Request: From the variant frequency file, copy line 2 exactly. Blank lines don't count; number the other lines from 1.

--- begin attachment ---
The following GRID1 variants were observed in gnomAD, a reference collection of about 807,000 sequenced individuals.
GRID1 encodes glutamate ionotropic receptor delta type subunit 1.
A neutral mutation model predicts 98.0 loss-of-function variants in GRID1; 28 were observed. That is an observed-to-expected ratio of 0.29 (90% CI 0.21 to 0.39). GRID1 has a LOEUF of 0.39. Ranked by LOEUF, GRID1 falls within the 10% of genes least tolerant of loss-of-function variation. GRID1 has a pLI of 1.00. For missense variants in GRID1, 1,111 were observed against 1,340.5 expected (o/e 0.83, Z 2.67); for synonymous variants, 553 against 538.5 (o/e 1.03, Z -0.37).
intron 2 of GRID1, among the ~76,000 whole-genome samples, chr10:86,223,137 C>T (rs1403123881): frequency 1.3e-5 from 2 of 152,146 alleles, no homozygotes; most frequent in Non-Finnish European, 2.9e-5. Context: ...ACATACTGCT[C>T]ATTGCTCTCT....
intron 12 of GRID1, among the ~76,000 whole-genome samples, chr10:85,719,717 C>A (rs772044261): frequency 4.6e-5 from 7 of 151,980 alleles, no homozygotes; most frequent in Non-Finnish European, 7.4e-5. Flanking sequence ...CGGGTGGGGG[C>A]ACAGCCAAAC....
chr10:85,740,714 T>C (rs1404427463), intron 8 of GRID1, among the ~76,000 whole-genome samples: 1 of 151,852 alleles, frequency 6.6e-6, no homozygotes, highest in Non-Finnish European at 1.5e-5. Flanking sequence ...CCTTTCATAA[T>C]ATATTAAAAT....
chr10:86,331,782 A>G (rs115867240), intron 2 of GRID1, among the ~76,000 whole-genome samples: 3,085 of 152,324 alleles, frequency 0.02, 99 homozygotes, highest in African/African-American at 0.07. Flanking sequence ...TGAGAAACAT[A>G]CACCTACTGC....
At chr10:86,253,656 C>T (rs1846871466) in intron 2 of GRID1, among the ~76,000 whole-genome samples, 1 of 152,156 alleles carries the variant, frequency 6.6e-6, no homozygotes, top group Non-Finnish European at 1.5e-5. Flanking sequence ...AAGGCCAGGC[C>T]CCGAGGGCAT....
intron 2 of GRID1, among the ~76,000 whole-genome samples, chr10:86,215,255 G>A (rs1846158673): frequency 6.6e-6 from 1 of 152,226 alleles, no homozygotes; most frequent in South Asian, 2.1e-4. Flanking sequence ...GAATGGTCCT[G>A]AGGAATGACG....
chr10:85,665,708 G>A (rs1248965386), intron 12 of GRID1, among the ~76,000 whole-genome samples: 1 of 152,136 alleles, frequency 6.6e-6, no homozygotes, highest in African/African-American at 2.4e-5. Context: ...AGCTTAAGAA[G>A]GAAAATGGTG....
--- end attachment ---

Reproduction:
GRID1 encodes glutamate ionotropic receptor delta type subunit 1.